Wow. It’s been a while since I’ve posted. Fortunately, though, finals are over and summer has begun. So perhaps I’ll have more time for writing. Or maybe not. We’ll see.
A low noise filled the tavern as the swollen number of occupants talked and conversed with one another, the sounds flowing louder and quieter as the evening progressed, crescendoing with various drunk, overeager partiers who insisted on treating everyone to a drink (which resulted in even more noise as those around the tavern cheering them on), and quieting as other drinkers revealed a rather violent tone to their drunkenness, resulting in awkward stares from everyone around them. The perfect place not to be noticed. And hardly anyone noticed the five men sitting in the dark corner, heads close together in conversation.
It would be hard to find a more diverse group of people anywhere in the tavern — no, anywhere in the city. It was quite a patchwork party: first there was the tall, heavily muscled man carrying a huge battleaxe on his back, with fiery red hair and beard twisted into dreadlocks; then there was the man in a purple robe and wide-brimmed hat, staff leaning against the wall beside a bag, out of which peaked a few aged scrolls; next was a man in a simple brown robe, marked only especially by this and his shaved head; in the darkest corner sat a man dressed in black, close-fitting clothes that hid a number of pockets and sheathes hidden about his body; finally, the fifth man was perhaps the least outlandish, simply dressed in blue and silver. He was obviously an important man, and it was he who was doing most of the talking in this small gathering.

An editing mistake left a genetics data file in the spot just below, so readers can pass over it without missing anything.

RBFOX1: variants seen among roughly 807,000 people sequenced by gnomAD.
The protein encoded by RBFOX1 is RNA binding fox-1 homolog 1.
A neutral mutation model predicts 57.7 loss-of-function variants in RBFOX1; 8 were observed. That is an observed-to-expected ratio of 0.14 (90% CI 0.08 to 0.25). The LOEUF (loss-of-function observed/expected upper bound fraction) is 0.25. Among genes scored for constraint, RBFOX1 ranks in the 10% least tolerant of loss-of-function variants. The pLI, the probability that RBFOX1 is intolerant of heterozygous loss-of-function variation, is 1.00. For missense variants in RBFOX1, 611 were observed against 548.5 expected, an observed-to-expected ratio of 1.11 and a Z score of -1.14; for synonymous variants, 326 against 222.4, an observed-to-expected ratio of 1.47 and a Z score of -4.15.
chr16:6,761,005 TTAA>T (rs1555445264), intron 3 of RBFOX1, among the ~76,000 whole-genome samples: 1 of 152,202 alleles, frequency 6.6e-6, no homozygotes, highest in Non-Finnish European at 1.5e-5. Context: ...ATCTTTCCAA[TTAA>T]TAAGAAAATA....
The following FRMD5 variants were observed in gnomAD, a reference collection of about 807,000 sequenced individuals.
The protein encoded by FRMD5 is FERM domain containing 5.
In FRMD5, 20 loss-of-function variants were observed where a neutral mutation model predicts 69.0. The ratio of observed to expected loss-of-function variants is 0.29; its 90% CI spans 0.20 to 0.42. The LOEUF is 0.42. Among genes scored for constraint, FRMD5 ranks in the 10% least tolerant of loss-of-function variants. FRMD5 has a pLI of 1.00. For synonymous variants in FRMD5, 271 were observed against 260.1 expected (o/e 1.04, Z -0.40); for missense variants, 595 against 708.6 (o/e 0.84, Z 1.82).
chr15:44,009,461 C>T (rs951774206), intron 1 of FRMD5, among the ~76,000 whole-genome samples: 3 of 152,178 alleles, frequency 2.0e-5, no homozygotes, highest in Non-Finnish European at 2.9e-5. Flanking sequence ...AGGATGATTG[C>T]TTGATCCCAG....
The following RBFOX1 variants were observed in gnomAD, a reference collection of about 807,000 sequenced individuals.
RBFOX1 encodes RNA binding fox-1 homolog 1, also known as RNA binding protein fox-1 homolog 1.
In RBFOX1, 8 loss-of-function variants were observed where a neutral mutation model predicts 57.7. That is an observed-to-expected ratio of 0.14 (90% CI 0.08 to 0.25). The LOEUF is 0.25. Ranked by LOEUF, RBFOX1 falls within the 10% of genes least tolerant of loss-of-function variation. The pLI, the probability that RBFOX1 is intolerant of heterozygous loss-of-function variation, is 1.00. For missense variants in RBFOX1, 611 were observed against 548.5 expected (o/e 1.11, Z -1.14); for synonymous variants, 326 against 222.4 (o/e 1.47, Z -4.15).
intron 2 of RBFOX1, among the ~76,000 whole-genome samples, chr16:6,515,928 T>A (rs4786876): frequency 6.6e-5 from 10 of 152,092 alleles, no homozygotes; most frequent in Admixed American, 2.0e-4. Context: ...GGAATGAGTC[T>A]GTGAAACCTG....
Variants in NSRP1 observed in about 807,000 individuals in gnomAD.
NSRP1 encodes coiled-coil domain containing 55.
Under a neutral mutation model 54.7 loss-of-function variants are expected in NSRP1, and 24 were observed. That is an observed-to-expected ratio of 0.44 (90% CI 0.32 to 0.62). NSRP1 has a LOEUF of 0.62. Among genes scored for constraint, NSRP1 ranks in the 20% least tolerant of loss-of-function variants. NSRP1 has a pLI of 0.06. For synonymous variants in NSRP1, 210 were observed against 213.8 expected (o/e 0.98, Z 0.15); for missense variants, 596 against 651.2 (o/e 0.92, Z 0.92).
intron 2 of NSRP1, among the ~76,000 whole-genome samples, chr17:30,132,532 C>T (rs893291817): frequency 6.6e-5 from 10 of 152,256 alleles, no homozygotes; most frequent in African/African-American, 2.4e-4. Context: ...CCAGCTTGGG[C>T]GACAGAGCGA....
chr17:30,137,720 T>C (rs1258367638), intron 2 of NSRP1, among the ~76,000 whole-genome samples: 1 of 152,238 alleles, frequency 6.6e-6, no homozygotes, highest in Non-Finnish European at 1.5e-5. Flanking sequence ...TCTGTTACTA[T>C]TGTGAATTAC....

“…so then after you get through the goblin tunnels, you’ll get to the dragon’s cave,” said the important man. “He’s the one who’s really in charge. If you can take him down, you should scare the goblins enough to get out of their tunnels with as much treasure as you like.”
“And he should have a lot of gold, since dragons are a rather greedy lot,” said the man in the purple robe.
“Yes, and think of what we could do with all that gold!” mused the one in the shadows.
“Well, what would you do with it, Vince?” the bald man asked him.
“Probably spend it all on nice trophies,” the man in black replied. “What about you, Xinthos?”
“Scrolls and supplies,” replied the one in purple.
“Ah, all you wizards are boring,” replied the man with the battleaxe. “I want saucy wenches.”
“That does sound quite enticing, Gref,” said the bald man. “Though perhaps quite expensive.”
Gref laughed. “But it’s worth it, Rakitin. So what are we waiting for?”
They all rose from their seats and, after collected their gear, began to head out of the tavern. However, as they were about halfway to the exit, the doors suddenly burst open, revealing five men, all dressed in simple brown robes and shaved bald.
“There you are, Rakitin!” said the simplest and the baldest of the five. “I thought that we’d find you here!”
Rakitin looked between the monk and his companions. “Not now, Baelris.”
Baelris sighed. “How many times have we told you not to go wandering off like this, Rakitin?”
“But there’ll be saucy wenches!”
“I know, and that’s why we’re here. Come, allow us to help you overcome this temptation.”
The other four monks advanced, and Rakitin sighed, allowing them to take him away. The other three watched as the monks left the tavern and disappeared in the street.
“Look,” said Xanthos. “This reminds me, I have some alchemy work I could be doing. Ordinarily, I’d love to help, but I have some other responsibilities right now.”
Gref and Vince looked at each other.
“Yeah, I’m pulling out too,” said Vince. “I don’t like our chances against a dragon.”
Gref sighed. “Some party this turned out to be.”